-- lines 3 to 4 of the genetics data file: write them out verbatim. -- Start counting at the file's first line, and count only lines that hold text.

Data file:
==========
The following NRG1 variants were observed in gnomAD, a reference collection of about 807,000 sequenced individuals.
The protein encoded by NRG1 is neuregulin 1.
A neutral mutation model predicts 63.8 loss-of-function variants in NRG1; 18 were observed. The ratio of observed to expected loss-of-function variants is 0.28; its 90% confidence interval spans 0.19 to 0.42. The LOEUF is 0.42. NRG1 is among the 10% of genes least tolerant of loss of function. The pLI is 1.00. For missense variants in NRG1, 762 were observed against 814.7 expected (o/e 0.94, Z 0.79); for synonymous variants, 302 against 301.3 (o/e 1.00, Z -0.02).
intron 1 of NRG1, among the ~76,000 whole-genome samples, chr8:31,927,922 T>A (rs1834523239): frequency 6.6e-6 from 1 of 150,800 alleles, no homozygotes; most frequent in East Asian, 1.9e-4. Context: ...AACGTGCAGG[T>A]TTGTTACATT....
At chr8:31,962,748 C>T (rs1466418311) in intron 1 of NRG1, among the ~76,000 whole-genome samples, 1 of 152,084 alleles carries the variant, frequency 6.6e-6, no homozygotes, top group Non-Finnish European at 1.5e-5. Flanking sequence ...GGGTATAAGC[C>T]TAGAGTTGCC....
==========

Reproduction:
A neutral mutation model predicts 63.8 loss-of-function variants in NRG1; 18 were observed. The ratio of observed to expected loss-of-function variants is 0.28; its 90% confidence interval spans 0.19 to 0.42. The LOEUF is 0.42. NRG1 is among the 10% of genes least tolerant of loss of function. The pLI is 1.00. For missense variants in NRG1, 762 were observed against 814.7 expected (o/e 0.94, Z 0.79); for synonymous variants, 302 against 301.3 (o/e 1.00, Z -0.02).
intron 1 of NRG1, among the ~76,000 whole-genome samples, chr8:31,927,922 T>A (rs1834523239): frequency 6.6e-6 from 1 of 150,800 alleles, no homozygotes; most frequent in East Asian, 1.9e-4. Context: ...AACGTGCAGG[T>A]TTGTTACATT....